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Discussion Starter #1
I'm planning on doing some mig welding to different areas of the frame on my 84 pickup. Looking for any tips for proper grounding, most of the areas to be welded aren't able to be clamped with the ground clamp.

Also, will it be nesessary to completely remove the paint wherever I can get the ground clamp on? This will be my first attempt at on the vehicle welding, obviously different than clean metal an a table.
 

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Discussion Starter #3
I tried using a clamp to the frame without removing the paint, and putting the ground clamp to that clamp. The arc wasn't great, it might not have been a good enough ground, or the settings weren't right or I just suck haha.
 

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Discussion Starter #6
I have done a lot of welding on frames and I would recommend putting the ground clamp on clean, bare metal.
Next time I will, I wasn't happy with the results from not doing that. I have a bunch more to do, frame reinforcement plates, shock towers, if I feel confident enough to do it. Some of these things can be clamped directly to.
 

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NorCal Chapter Pres
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Clean bright metal. I always used to just throw the clamp on metal that was unpainted, but I am now a firm believer on CLEAN BRIGHT metal.

It makes a huge difference in both weld output, the finished product, and the soundness of the weld.
 

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truck ~n~ tow
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besides removing paint down to the metal for a clean ground

remember to disconnect the vehicle's primary battery.

And be aware of where your potential splatter may fly.

have a properly sized/type fire extinguisher close by.
 

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Discussion Starter #10
Post pictures of your progress. No one posts anymore.:frown2:
Eww, I don't know about that, I'm extremely new to this haha. My local fab shop priced me out ($140/hr.), so I said F it and decided to invest in a welder and give it a shot.

It'll be slow going. I started prepping one side, if it turns out a total fail I might have to just prep the rest and take it to a shop.

When doing fish plates or reinforcement plates on the frame do you paint the back side of the plate prior to welding to help avoid rust?

I'm using TG reinforcement plates. Those aren't the clamps I'll be using and the cardboard was used to contain some of the mess from grinding down the old shock mount welds.
 

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Eww, I don't know about that, I'm extremely new to this haha. My local fab shop priced me out ($140/hr.), so I said F it and decided to invest in a welder and give it a shot.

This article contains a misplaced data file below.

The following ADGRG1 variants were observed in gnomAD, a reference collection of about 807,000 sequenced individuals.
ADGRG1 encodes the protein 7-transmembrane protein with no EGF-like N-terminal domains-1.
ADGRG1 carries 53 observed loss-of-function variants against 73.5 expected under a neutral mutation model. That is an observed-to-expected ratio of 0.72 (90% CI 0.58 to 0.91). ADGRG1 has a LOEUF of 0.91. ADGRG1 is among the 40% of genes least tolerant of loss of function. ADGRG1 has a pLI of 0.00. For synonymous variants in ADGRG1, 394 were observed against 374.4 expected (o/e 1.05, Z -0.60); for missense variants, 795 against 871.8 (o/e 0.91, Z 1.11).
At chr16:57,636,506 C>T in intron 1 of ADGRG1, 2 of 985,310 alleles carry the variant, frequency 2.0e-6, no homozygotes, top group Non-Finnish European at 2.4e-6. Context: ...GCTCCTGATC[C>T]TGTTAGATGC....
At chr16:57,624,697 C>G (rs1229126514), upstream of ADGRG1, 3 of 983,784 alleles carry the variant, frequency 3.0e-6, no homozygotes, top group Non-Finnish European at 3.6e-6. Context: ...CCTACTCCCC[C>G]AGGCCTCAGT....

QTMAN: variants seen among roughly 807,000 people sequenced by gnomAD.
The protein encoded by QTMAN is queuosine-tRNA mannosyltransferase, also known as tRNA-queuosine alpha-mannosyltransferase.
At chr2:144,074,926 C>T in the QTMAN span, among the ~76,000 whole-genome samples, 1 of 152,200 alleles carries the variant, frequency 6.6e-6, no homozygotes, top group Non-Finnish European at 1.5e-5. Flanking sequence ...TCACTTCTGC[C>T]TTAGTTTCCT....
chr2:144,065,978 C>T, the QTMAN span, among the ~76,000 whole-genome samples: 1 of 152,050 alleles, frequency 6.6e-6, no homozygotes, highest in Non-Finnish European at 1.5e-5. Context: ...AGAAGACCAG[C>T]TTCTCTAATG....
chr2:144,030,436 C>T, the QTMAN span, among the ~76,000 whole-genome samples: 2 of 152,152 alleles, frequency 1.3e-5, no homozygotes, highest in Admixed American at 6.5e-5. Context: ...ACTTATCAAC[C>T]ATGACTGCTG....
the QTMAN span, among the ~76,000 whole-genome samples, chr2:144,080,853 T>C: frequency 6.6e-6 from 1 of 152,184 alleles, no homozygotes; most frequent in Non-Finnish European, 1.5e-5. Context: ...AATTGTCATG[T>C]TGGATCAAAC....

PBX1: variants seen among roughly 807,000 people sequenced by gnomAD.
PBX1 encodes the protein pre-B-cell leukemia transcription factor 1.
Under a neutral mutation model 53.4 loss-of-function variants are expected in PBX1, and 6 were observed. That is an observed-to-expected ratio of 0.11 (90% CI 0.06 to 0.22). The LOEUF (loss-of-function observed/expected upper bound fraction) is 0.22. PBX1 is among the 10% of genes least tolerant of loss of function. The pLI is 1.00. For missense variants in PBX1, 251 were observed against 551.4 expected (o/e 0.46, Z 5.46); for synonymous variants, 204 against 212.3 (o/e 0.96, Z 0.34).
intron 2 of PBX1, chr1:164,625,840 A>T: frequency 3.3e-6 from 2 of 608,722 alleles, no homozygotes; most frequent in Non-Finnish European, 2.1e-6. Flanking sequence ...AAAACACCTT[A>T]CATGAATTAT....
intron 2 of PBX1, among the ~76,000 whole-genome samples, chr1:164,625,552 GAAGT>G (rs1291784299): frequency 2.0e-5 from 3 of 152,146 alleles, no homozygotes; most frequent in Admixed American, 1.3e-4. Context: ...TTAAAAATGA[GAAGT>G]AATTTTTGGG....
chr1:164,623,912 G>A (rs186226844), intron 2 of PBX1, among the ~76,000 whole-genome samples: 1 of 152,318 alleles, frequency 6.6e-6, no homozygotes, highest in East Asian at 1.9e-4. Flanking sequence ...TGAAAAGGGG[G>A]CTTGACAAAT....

It'll be slow going. I started prepping one side, if it turns out a total fail I might have to just prep the rest and take it to a shop.

When doing fish plates or reinforcement plates on the frame do you paint the back side of the plate prior to welding to help avoid rust?

I'm using TG reinforcement plates. Those aren't the clamps I'll be using and the cardboard was used to contain some of the mess from grinding down the old shock mount welds.
In this case, use an all metal vise grip as a clamp and put your ground clamp on on it. ;)
 

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truck ~n~ tow
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stitch weld those on

take your time and minimize any excessive heat to the frame rail(s)

switching back and forth to each side
affords more cooling time between.

Don't fully weld those on continuously
or you likely over heat the frame rails.
and that could cause them to go soft
and loose their spring steel tempering.

couple stitches at a time...
cool - switch sides... repeat
 

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Discussion Starter #15
stitch weld those on

take your time and minimize any excessive heat to the frame rail(s)

switching back and forth to each side
affords more cooling time between.

Don't fully weld those on continuously
or you likely over heat the frame rails.
and that could cause them to go soft
and loose their spring steel tempering.

couple stitches at a time...
cool - switch sides... repeat
Thanks. I think its TG that has a recommended pattern to weld these on. Jumping to different areas of the plate with short welds. I was thinking 2-3" welds at a time with time to cool inbetween.
 

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Discussion Starter #16
I finally said F it and plated one side. Nothing pretty but with the amount of welded area I figure at least some of it has to be good enough to not fail. The underside was the most difficult for me, I still don't understand how to get a good weld in that position. I watched videos from the same guy that Phil posted, still couldn't get it right.

Anyway, next is the shock tower. Is it safe to just put the shock in the lower mount, like in the picture, and try to set the upper inline with it? Might be hard to tell from the picture, but mocked up on the frame, the upper mount looks like it needs to tilt back, towards the firewall to be inline with the shock. That would require a little modification.

How critical is the alignment upper to lower mount?



 
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